LISBON, Jan 14 (Reuters) - Private bondholders of Portugal’s Novo Banco senior debt have teamed up to challenge a recent central bank move that makes their investments nearly worthless, and might sue various commercial banks that sold them the bonds.
A coordinator of the group told Reuters the debt holders formally registered a Lisbon-based association, grouping 55 investors with a total 7 million euros worth of bonds, on Wednesday, and now have up to 90 days to file a lawsuit.
On Dec. 29, during the holiday lull, the Bank of Portugal decided to transfer nearly 2 billion euros in bonds from Novo Banco back to “bad bank” Banco Espirito Santo, from which Novo Banco was carved after a 4.9 billion-euro state rescue in 2014 .
Although the association represents a tiny part of the overall investment, its class action, if successful, could block the Bank of Portugal decision for other bond holders.
The European Central Bank has distanced itself from the Bank of Portugal decision, saying it neither requested nor approved the move.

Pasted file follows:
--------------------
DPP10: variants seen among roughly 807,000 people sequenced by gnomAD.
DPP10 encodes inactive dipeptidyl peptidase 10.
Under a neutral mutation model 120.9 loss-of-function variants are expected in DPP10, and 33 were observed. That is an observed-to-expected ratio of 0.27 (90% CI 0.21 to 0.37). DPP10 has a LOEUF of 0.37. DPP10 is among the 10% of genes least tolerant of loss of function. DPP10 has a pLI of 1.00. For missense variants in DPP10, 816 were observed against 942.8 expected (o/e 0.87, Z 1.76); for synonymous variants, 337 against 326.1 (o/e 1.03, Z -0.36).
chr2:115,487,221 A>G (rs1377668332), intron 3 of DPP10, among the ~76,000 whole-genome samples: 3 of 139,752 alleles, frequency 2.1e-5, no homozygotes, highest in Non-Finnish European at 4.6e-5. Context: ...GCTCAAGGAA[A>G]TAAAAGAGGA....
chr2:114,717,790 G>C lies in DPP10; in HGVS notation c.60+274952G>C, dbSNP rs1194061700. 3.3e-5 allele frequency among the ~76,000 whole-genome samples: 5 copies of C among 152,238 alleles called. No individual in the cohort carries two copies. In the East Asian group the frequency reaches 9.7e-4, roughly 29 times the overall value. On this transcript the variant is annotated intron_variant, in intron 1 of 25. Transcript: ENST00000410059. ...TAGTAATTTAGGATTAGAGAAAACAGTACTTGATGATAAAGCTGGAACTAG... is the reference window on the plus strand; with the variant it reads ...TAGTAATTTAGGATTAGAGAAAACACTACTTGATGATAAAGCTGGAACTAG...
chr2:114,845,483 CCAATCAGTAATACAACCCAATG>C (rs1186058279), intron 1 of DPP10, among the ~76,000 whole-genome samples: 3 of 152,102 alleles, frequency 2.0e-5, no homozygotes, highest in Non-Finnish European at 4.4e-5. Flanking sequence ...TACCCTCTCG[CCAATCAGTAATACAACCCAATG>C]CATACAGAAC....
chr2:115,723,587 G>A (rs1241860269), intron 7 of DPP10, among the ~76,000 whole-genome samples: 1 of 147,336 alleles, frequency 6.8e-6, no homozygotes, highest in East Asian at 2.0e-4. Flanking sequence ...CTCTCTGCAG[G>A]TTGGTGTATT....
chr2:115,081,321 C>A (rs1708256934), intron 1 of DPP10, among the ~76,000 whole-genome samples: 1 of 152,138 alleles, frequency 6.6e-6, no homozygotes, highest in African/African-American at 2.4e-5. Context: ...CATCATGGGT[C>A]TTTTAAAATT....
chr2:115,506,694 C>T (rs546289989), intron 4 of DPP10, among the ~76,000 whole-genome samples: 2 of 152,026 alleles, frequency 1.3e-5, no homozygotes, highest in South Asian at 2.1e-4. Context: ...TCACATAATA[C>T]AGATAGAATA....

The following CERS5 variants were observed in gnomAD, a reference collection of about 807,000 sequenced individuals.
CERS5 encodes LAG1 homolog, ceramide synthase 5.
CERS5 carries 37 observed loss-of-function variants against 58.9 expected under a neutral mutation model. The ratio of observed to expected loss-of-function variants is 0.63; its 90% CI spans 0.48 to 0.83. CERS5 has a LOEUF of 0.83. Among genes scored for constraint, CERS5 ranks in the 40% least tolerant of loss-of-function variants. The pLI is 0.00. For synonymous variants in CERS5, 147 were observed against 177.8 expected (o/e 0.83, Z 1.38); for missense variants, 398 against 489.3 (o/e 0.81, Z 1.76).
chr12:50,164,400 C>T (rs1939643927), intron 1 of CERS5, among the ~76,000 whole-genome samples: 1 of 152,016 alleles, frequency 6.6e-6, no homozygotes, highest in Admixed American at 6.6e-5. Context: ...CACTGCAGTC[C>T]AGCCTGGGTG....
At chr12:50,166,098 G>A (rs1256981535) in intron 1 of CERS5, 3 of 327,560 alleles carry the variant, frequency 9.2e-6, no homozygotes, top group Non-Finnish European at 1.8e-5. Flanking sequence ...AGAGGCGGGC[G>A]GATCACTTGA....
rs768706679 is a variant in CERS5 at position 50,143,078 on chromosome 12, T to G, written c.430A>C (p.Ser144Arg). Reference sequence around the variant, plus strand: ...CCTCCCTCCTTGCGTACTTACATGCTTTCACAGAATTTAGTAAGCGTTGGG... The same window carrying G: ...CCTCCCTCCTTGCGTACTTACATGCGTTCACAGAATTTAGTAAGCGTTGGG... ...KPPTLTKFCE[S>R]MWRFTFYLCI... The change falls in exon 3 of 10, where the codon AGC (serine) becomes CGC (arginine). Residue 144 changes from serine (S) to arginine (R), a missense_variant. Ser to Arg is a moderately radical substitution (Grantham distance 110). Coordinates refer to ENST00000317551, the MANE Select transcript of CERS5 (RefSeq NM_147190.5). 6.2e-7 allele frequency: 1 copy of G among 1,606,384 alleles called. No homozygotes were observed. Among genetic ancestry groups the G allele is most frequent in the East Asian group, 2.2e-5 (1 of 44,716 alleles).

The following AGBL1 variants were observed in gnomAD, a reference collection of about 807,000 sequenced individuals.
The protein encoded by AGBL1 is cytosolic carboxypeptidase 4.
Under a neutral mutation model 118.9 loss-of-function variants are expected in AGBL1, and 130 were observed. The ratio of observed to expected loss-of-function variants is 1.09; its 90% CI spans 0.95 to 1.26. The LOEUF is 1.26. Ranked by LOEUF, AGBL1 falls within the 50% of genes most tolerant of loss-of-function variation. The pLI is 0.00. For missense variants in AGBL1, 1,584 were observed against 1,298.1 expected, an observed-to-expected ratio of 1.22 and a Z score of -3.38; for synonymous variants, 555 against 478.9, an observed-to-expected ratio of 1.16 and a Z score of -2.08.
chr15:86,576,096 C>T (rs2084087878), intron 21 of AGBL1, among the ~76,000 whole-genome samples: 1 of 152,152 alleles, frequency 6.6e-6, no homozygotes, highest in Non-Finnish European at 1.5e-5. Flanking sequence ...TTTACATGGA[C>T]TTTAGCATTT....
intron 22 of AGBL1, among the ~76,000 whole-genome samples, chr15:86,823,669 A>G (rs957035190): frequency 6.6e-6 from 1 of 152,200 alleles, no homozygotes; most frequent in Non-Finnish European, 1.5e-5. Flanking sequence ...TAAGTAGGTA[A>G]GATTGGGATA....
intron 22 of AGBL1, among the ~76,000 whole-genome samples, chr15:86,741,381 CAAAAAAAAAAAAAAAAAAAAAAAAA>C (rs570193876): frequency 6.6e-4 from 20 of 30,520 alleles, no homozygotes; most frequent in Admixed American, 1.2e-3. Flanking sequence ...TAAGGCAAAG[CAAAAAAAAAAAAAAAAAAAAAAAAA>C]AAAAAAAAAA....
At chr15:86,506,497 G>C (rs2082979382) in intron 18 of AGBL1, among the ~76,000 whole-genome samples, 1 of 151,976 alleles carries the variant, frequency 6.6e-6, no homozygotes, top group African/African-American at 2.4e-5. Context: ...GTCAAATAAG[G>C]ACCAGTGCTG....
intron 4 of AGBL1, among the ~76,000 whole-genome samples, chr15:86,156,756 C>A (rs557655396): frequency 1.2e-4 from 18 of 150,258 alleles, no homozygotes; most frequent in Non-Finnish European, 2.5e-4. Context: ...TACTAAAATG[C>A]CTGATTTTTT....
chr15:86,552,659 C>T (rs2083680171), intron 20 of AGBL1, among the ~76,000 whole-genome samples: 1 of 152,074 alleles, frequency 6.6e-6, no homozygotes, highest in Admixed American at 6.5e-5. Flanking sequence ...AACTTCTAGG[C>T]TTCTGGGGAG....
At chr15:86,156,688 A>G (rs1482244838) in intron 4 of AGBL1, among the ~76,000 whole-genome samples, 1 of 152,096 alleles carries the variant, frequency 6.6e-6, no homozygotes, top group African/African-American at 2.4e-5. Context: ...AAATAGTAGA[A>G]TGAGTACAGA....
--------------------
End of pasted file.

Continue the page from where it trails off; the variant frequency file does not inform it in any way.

Some investors criticised the move, arguing it discriminated against some bondholders while sparing others, and analysts say other lawsuits are likely.
“Our association has no option but to file suits against the Bank of Portugal decision in court. And we do not rule out other suits against retail banks that placed the bonds with their clients, which could constitute fraud as managers promised risk-free investment,” said the coordinator.
The association argues that the fact that only bonds falling under Portuguese jurisdiction were chosen for the “bad bank” means unequal treatment of creditors, while a “fair solution would be to apply a small haircut to all senior creditors”.
“The Bank of Portugal has avoided hitting debt under British jurisdiction, where it would be easier for big funds to sue ... apparently it did not know that there are small Portuguese retail investors with these products.”
Commerzbank analysts said in a recent note that unequal treatment within a class of bonds, effectively giving most retail bondholders preferential treatment over largely foreign institutional ones, was worrying and threatened creditor safeguards under the European bank resolution regime.
They expected investors to pursue legal challenges. (Writing By Andrei Khalip, editing by Axel Bugge, Larry King)